India’s Dog Show Culture & Heritage, Karan Vaid
Delhi-based photographer Karan Vaid’s interest in exploring sub-cultures in his country led him to revisit India’s show dog community. Born to parents who are active breeders, Karan had spent a considerable part of his childhood attending shows. In 2013, he began making images for his “Best In Show” series, previously featured on IPA.
In a recent Q&A with Karan, he shared more insight on the series.
I spent a considerable part of my childhood attending these shows with my parents. These shows have a rich and colourful past in my country and have always enjoyed the patronage of the rich and elite including the erstwhile Indian aristocracy. Needless to say with such a rich heritage, ‘Showing Dogs’ has been an aspiration for many.
So, in 2013, I began visiting dog shows again in an attempt to reconcile my memories from what now existed. Over the last 2 years I have traveled across India, from Nagercoil and Chennai in the south to even Ludhiana and Patiala in the north making these photographs.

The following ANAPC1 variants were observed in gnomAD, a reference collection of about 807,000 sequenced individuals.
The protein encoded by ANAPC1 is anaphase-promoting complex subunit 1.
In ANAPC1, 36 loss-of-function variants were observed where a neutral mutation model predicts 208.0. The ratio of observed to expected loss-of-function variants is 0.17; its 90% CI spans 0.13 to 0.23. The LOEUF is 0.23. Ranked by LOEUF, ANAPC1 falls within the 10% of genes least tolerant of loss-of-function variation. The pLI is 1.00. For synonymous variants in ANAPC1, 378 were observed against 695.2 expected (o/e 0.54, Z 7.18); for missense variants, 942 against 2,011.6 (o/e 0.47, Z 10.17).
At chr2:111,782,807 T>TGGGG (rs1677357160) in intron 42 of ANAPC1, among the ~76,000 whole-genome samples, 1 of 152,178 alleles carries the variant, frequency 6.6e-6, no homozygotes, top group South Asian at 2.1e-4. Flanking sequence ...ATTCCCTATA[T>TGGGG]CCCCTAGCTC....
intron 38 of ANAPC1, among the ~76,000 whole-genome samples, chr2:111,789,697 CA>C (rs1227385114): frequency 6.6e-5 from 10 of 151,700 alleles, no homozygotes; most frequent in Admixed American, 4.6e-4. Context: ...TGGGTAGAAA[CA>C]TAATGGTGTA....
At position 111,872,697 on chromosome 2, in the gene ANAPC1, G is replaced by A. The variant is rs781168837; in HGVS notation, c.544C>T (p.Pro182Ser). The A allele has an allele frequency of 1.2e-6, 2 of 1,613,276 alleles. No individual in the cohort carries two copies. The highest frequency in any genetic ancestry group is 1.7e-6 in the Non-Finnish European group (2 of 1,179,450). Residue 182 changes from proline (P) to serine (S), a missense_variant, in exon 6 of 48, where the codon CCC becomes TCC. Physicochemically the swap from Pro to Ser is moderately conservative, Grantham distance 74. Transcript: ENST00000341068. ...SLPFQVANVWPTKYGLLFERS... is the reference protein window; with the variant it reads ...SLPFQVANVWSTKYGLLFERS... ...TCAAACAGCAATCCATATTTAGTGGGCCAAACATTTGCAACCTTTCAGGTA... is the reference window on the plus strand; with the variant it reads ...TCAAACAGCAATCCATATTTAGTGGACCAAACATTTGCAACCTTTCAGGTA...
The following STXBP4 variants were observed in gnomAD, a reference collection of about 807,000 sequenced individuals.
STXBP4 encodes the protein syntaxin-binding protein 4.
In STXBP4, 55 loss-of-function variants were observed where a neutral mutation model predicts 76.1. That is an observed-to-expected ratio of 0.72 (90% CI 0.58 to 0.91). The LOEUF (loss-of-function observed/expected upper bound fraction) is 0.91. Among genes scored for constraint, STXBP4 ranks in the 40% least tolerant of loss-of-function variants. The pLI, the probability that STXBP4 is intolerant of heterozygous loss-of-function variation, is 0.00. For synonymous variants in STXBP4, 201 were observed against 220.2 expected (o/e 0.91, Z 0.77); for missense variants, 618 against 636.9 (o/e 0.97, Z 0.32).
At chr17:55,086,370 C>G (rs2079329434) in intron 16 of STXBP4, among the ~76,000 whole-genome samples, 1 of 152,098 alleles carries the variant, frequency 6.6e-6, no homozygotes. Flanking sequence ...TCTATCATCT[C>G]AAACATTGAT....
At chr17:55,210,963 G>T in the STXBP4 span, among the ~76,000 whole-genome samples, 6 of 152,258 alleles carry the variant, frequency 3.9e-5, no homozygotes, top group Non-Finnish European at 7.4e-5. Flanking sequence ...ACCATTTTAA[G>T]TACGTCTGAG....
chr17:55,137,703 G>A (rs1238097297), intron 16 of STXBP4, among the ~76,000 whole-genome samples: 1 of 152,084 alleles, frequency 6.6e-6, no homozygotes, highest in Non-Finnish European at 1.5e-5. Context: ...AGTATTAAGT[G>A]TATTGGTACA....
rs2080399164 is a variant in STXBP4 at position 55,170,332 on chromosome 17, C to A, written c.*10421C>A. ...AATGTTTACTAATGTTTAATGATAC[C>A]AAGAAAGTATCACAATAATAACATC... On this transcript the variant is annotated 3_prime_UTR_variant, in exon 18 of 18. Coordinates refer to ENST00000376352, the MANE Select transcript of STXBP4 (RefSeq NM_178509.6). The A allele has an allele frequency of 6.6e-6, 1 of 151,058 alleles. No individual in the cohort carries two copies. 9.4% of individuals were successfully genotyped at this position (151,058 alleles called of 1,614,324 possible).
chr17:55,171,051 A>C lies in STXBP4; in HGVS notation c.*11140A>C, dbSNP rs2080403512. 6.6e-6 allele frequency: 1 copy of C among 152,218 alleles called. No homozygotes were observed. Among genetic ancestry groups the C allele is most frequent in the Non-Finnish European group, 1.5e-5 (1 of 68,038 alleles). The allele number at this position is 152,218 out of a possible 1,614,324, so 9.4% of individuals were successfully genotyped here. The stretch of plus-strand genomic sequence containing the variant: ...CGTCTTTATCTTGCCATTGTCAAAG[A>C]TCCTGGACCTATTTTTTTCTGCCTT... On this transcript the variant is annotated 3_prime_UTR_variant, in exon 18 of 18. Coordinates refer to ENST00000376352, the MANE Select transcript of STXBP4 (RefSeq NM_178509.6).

Winter in India is a busy time for professional breeders, each week thousands travel to compete in dog shows across India. The breeders spend great sums in importing pedigreed dogs, hiring professional handlers and flying these dogs to various dog shows.
The average person may consider a dog show to be a glorified beauty pageant for dogs and a rather superfluous affair. Dig a little deeper and it becomes fairly evident that, like most sub-cultures, dog shows in India have a rich and long history; the first show was held in India in 1896 and flourished under the patronage of the British colonial elite and subsequently the Indian Aristocracy which led to the modern dog shows in India under the Kennel Club of India.
For participants today, it’s a highly competitive game with their reputation and aspirations on the line. There is usually no prize money to be had but breeding a placed dog can lead to big financial returns and many people aspire to be at the top of the dog show world in India.
Photographs & Text: Karan Vaid